December 17, 2014  
 
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Recurring Revenue Business Models

Starting a business? Buying a business? If so, there's one question that you absolutely must ask. Does your new venture have a recurring revenue business model? If not, you might want to go back to the drawing board and look at other options.

The best businesses to own are recurring revenue businesses.
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If you are a new entrepreneur or are searching for a business to start or buy, you might overlook this simple fact. If so, you are making a huge mistake.

To make the most money as a business owner, you want a business model that has built-in recurring revenues.

Examples of Recurring Revenue Business Models

Here are a couple of examples of recurring revenue businesses.

One friend of mine sells telecommunications services. In short, his company sells bandwidth to companies. The offerings include T1 lines, T3 lines, OC3 lines, OC12 lines and other internet access and point to point telecom offerings.

His business is a reseller of telecom services from big companies like AT&T and MCI. He doesn't have the massive overhead that those companies have. He just sells their services and offers a small amount of first-call support services.

The business has recurring revenues because whenever he sells, say, a T1 line, my friend gets a commission on every single payment the buyer makes. In other words, it's not a one-time fee. Rather, it's an annuity. As long as the customer keeps that T1, even if it's for 10 years, my friend is making money. He only had to sell the deal once, the customer typically renews every year, and he just watches as MCI and AT&T transfer money into his bank account.

That's the beauty of a recurring revenue business. In essence, you earn money now for work you did in the past.

Here's another one. Another business acquaintance of mine sells health insurance to companies. At any given time, he has maybe 50 companies with an average of 40 employees each. I'm not sure exactly what an average health premium is for his clients but let's guess that it's $500 per month. For having sold the health insurance plan, he gets 4% of every premium payment made to the health insurance company.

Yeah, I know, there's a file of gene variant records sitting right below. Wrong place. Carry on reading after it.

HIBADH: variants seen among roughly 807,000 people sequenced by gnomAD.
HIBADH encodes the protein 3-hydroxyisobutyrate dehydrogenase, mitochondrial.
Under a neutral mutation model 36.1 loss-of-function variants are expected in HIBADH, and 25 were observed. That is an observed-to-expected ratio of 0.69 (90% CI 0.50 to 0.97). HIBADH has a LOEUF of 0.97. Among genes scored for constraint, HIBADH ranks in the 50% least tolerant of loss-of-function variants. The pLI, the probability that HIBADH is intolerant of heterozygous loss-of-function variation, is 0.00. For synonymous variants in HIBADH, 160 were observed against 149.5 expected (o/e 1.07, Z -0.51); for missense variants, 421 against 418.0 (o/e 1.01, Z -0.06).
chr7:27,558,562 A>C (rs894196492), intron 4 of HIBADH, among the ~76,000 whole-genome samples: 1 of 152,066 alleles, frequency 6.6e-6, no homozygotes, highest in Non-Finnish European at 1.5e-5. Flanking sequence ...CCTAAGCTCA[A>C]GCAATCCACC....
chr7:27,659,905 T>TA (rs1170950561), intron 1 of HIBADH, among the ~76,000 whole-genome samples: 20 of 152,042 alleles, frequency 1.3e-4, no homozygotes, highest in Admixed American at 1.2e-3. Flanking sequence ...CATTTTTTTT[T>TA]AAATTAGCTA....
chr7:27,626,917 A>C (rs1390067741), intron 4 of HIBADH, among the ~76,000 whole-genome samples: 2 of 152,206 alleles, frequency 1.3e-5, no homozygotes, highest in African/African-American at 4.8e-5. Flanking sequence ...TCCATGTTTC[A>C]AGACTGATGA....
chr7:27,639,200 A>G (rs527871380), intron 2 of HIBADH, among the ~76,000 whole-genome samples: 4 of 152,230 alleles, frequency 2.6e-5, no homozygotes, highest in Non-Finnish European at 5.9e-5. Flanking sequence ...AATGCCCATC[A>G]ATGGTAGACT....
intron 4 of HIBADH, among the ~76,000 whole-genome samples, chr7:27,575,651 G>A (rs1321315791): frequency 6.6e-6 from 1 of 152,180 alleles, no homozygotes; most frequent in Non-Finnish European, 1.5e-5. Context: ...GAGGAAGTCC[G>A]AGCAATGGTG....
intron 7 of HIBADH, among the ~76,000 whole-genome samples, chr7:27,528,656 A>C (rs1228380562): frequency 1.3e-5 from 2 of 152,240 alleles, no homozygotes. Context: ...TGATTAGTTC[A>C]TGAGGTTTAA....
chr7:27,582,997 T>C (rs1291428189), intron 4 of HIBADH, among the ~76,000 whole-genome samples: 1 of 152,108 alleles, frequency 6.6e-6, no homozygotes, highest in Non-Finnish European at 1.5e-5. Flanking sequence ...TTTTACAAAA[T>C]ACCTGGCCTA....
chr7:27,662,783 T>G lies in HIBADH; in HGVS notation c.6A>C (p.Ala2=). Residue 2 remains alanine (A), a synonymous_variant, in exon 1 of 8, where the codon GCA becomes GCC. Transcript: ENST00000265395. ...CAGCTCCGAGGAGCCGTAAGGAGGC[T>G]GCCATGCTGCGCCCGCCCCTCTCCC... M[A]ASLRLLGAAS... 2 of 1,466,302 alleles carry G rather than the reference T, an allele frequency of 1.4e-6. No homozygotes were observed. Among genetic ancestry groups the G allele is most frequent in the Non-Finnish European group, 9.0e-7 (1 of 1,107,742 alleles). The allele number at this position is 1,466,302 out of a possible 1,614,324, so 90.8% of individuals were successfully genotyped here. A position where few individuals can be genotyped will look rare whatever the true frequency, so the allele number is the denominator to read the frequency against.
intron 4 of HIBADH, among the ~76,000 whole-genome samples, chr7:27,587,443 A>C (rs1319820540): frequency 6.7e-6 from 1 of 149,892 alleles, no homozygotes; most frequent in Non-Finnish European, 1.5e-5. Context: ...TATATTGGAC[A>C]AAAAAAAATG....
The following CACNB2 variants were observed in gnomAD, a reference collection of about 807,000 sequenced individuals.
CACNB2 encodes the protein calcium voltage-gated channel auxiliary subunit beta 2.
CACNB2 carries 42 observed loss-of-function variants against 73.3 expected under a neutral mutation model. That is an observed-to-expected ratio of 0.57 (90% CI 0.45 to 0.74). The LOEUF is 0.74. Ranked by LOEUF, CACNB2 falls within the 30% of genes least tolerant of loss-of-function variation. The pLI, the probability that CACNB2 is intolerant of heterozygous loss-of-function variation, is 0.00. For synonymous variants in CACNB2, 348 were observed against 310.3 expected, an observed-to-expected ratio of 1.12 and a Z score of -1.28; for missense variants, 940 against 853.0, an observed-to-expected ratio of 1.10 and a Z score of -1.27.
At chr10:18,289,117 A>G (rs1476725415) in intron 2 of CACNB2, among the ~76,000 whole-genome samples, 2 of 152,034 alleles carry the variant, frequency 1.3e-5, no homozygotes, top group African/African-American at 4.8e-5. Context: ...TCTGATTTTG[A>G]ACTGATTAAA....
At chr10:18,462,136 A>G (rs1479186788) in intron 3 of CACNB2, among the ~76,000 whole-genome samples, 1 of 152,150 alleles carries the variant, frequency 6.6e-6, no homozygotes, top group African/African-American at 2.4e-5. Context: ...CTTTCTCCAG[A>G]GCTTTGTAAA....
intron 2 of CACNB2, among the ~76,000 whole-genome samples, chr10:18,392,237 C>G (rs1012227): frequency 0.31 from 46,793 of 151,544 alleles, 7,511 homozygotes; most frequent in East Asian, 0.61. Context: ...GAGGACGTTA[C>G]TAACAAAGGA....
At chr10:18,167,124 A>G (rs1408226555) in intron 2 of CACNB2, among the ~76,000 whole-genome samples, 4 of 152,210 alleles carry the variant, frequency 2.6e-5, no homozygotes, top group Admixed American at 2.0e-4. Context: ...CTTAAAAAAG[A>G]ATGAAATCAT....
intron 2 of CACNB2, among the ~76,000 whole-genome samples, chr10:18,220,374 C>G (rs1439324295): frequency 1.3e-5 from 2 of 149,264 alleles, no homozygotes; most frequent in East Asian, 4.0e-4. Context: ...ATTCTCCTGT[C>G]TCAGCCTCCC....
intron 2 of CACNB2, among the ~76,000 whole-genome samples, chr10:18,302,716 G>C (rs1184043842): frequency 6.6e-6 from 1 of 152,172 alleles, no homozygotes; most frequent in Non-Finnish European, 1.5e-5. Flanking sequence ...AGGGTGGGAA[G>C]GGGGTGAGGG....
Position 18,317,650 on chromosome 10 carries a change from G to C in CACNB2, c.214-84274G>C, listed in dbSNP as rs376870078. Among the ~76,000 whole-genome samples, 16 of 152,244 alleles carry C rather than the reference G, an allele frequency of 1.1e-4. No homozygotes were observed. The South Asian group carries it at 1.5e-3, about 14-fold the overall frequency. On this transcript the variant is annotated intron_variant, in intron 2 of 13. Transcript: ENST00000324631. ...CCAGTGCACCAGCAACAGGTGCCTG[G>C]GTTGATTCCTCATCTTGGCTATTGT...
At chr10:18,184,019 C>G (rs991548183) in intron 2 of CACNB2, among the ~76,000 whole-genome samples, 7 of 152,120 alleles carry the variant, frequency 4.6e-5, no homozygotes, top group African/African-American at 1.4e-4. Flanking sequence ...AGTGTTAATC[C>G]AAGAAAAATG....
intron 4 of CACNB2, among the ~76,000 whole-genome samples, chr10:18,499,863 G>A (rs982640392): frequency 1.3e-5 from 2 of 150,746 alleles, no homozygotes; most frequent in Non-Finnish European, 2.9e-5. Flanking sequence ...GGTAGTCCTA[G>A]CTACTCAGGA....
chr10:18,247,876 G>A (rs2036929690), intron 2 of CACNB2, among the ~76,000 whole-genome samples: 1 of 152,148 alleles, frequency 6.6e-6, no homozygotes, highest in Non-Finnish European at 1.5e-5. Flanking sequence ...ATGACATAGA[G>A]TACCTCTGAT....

So, do the math. He's making 50 X 40 X $500 x 12 X .04 per year. That works out to top line revenues of $480,000. Not bad.

He has one employee on staff…a troubleshooter who handles those situations when an employee of one his clients runs into an issue with a health insurance claim. He also has rent expenses on a small office. All in, I'm guessing he's pulling in $300,000 net before taxes worst case.

If he left the country for a year to take a long vacation, he might lose a few clients. But his able assistant could handle most of the service issues. He'd still be receiving revenues in the form of commission payments. In other words, he'd be benefiting from the recurring revenues related to work he did years ago.

Alternatives to Recurring Revenue Business Models

The mistake that many new entrepreneurs make is that they don't figure out how to build a recurring revenue business.

Instead, they earn only as much money as they deserve based on very recent efforts.

This is the taxi company business model. You get a fare, drive them, and get paid. Now, to make more money, you need to find a new fare.

There are no rewards for what you do long ago. There's no cumulative building up of revenues. It is always "What have you done for me lately?" from customers. No new sale, no new revenues.

Entrepreneurs on this track are on a treadmill. If they get off the treadmill, they stop making money.

Always Look for Recurring Revenues

The key takeaway from this article is that owning a business is not a generic concept. Every business out there has different dynamics to it, which in aggregate amount to a business model.

Some business models are better than others. As an entrepreneur, you need to evaluate the business models that are available to you and choose the most profitable…offering the maximum reward for the minimum effort and risk.

Take our word for it. The best business to buy or start will be one that has recurring revenues built into the business model. Without that, you can do OK but you will always be on the treadmill. In that case, the business owns you instead of visa versa.

Related Articles

Want to learn more about this topic? If so, you will enjoy these articles:

Evaluting Business Models When Buying a Business


Conversation Board

Do you agree that entrepreneurs must think strategically about business models prior to choosing a business type? Do you agree that recurring revenue streams are the best way to go? We welcome all comments, questions, tips and suggestions.

Ed French 2/23/2009

I absolutely love backing recurring revenue models. But they can put extra financing strain on the startup. The ideal from my point-of-view is if an early-stage business can show that they _can_ move to an annuity model, but also have the option to charge up-front in the early stages.


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